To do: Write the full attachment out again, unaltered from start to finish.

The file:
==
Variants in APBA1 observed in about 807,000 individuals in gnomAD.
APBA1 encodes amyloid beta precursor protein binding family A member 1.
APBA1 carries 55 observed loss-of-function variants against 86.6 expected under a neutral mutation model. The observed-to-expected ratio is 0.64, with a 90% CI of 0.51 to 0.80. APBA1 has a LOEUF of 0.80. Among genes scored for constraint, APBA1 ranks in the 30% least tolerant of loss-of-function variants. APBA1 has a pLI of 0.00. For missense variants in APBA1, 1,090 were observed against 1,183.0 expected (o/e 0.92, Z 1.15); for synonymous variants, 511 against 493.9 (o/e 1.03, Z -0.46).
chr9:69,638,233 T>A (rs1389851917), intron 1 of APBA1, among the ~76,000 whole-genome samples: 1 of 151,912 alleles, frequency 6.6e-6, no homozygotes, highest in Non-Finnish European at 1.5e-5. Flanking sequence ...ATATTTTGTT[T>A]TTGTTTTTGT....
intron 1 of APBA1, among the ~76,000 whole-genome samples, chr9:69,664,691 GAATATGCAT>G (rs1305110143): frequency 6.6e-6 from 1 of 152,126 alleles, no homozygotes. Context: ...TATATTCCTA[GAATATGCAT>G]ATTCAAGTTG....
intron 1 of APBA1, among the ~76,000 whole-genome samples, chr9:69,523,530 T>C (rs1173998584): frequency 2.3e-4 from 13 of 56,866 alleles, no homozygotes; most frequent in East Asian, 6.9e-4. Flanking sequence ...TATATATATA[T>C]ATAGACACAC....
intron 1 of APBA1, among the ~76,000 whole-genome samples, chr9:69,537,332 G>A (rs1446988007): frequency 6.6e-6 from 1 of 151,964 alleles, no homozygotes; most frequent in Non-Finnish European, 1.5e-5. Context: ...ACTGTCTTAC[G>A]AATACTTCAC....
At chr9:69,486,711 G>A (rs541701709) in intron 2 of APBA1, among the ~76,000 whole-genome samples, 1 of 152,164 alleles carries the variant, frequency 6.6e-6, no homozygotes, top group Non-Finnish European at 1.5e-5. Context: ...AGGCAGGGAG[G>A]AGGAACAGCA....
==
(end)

Variants in APBA1 observed in about 807,000 individuals in gnomAD.
APBA1 encodes amyloid beta precursor protein binding family A member 1.
APBA1 carries 55 observed loss-of-function variants against 86.6 expected under a neutral mutation model. The observed-to-expected ratio is 0.64, with a 90% CI of 0.51 to 0.80. APBA1 has a LOEUF of 0.80. Among genes scored for constraint, APBA1 ranks in the 30% least tolerant of loss-of-function variants. APBA1 has a pLI of 0.00. For missense variants in APBA1, 1,090 were observed against 1,183.0 expected (o/e 0.92, Z 1.15); for synonymous variants, 511 against 493.9 (o/e 1.03, Z -0.46).
chr9:69,638,233 T>A (rs1389851917), intron 1 of APBA1, among the ~76,000 whole-genome samples: 1 of 151,912 alleles, frequency 6.6e-6, no homozygotes, highest in Non-Finnish European at 1.5e-5. Flanking sequence ...ATATTTTGTT[T>A]TTGTTTTTGT....
intron 1 of APBA1, among the ~76,000 whole-genome samples, chr9:69,664,691 GAATATGCAT>G (rs1305110143): frequency 6.6e-6 from 1 of 152,126 alleles, no homozygotes. Context: ...TATATTCCTA[GAATATGCAT>G]ATTCAAGTTG....
intron 1 of APBA1, among the ~76,000 whole-genome samples, chr9:69,523,530 T>C (rs1173998584): frequency 2.3e-4 from 13 of 56,866 alleles, no homozygotes; most frequent in East Asian, 6.9e-4. Flanking sequence ...TATATATATA[T>C]ATAGACACAC....
intron 1 of APBA1, among the ~76,000 whole-genome samples, chr9:69,537,332 G>A (rs1446988007): frequency 6.6e-6 from 1 of 151,964 alleles, no homozygotes; most frequent in Non-Finnish European, 1.5e-5. Context: ...ACTGTCTTAC[G>A]AATACTTCAC....
At chr9:69,486,711 G>A (rs541701709) in intron 2 of APBA1, among the ~76,000 whole-genome samples, 1 of 152,164 alleles carries the variant, frequency 6.6e-6, no homozygotes, top group Non-Finnish European at 1.5e-5. Context: ...AGGCAGGGAG[G>A]AGGAACAGCA....